Donor-Recipient Matching in Heart Transplantation
Is there survival benefit of heart transplantation when compared to waiting (while accounting for the estimated risk of a given donor-recipient match)?
The study cohort was comprised of 28,548 heart transplant candidates in the Organ Procurement and Transplant Network between July 2006 and December 2015. The study investigators estimated donor-recipient match quality from the donor risk index (DRI). The outcome of interest for the waiting group was death while waiting or delisting as too ill for transplant. The outcome of interest for the transplanted group was graft failure. DRI scores were divided into quartiles to create groups of ascending risk for time-dependent covariate analysis. The DRI score was calculated from the variables of ischemic time (<2 hours = 1 point; 2-3.9 hours = 2 points; 4-5.9 hours = 3 points; 6-7.9 hours = 4 points; ≥8 hours = 5 points), donor age (<40 years = 0 points; 40-49 years = 3 points; ≥50 years = 5 points), race mismatch between donor and recipient (2 points if true), and the ratio of the blood urea nitrogen/creatinine ratio of the donor (3 points if >30). The maximum score possible is 15 points. The study authors used a time-dependent covariate Cox model to determine the effect of donor-recipient match quality on the likelihood of a composite outcome while waiting for transplant or after transplant.
Over the 10-year time period, the study cohort included 17,949 heart transplant recipients. Of this group, 4,325 candidates died or were delisted for being too ill for transplant while waiting, and 3,504 transplant recipients had graft failure. The investigators found that donor/recipient risk estimates were inversely related to candidate urgency, and that the net benefit from transplant was evident across all estimates of donor-recipient status 1A and 1B candidates: status 1A (lowest risk quartile hazard ratio [HR], 0.37; 95% confidence interval [CI], 0.31-0.43; highest risk quartile HR, 0.52; 95% CI, 0.44-0.61) and status 1B candidates (lowest risk quartile HR, 0.41; 95% CI, 0.36-0.47; highest risk quartile HR, 0.66; 95% CI, 0.58-0.74). Status 2 candidates showed a benefit from transplant; however, survival benefit was delayed. On average, status 2 recipients had a net survival benefit of heart transplantation after 13 months for the low-risk group and after 39 months for the high-risk group. Only low-risk donor hearts offer status 2 candidates a survival benefit over continued waiting. For the highest-risk donor-recipient matches, a net benefit of transplant occurred immediately for status 1A, after 12 months for status 1B, and after 3 years for status 2 candidates.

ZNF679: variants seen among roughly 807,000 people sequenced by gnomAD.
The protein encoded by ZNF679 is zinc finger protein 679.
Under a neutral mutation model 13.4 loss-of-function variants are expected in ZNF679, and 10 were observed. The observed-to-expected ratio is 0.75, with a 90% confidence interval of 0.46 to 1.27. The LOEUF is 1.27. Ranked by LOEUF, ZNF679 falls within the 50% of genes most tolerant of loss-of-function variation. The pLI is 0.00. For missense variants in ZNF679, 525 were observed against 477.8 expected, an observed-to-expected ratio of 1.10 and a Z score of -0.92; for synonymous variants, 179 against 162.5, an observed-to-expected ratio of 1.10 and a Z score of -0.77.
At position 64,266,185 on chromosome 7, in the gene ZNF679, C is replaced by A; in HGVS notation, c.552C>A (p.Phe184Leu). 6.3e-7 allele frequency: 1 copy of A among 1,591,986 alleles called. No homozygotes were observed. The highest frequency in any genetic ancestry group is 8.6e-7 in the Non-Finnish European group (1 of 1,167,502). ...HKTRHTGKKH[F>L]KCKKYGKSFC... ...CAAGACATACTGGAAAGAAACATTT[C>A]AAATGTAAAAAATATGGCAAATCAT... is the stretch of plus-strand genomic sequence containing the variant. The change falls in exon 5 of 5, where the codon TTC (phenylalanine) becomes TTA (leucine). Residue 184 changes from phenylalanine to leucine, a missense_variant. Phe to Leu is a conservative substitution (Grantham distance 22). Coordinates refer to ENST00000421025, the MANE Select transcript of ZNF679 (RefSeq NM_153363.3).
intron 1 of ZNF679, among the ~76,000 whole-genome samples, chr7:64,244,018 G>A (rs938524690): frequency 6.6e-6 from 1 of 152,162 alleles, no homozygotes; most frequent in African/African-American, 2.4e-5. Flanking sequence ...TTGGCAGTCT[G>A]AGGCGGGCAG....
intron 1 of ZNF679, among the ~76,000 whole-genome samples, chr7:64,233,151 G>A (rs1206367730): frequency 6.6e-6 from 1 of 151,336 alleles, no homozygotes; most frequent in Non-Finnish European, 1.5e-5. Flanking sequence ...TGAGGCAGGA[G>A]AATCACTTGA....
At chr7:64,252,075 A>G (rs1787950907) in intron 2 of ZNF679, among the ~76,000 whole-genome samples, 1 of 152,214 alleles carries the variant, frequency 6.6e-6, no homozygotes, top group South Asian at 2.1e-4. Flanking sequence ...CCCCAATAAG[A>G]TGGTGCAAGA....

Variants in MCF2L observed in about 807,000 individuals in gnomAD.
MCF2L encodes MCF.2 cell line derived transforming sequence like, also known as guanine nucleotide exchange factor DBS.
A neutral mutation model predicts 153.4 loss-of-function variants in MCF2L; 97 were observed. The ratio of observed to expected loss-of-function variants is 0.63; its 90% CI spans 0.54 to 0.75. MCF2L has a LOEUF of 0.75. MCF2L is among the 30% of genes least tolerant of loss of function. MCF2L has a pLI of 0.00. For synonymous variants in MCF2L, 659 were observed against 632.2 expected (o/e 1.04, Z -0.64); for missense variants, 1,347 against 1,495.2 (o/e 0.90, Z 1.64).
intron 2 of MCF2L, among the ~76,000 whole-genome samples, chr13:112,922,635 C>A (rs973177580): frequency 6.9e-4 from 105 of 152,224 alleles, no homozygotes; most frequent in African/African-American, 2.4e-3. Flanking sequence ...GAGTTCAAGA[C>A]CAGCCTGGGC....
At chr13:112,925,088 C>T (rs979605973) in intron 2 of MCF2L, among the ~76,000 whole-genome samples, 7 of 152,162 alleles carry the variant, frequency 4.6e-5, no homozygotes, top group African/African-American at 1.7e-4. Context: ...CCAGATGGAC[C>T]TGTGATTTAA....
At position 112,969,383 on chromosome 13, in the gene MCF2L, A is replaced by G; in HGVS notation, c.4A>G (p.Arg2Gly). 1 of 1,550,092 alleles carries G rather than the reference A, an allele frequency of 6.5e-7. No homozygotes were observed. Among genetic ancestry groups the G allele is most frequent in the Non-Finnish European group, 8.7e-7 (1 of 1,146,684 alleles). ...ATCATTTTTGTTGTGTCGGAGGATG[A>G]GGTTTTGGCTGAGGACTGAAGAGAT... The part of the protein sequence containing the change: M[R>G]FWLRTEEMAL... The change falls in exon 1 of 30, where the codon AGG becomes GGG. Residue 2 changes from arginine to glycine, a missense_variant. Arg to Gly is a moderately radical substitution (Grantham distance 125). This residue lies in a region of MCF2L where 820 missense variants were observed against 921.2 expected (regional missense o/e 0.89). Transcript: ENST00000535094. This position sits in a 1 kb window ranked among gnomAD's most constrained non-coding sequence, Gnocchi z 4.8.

The study authors found a survival benefit of heart transplant across all ranges of estimated donor-recipient match risk for status 1A and status 1B candidates. They opined that donor heart acceptance should be the favored strategy for such candidates. For status 2 candidates, the benefit of heart transplant was less apparent and dependent on estimated donor-recipient match risk. They opined that a measure of donor-recipient match quality may be useful when considering the immediate benefit of heart transplantation for stable status 2 candidates.
Although this is a retrospective study, the findings are important because they suggest that allocation of organs will benefit from good estimates of risk. Prospective studies estimating risk are the next step, particularly because the current allocation system is relatively new.
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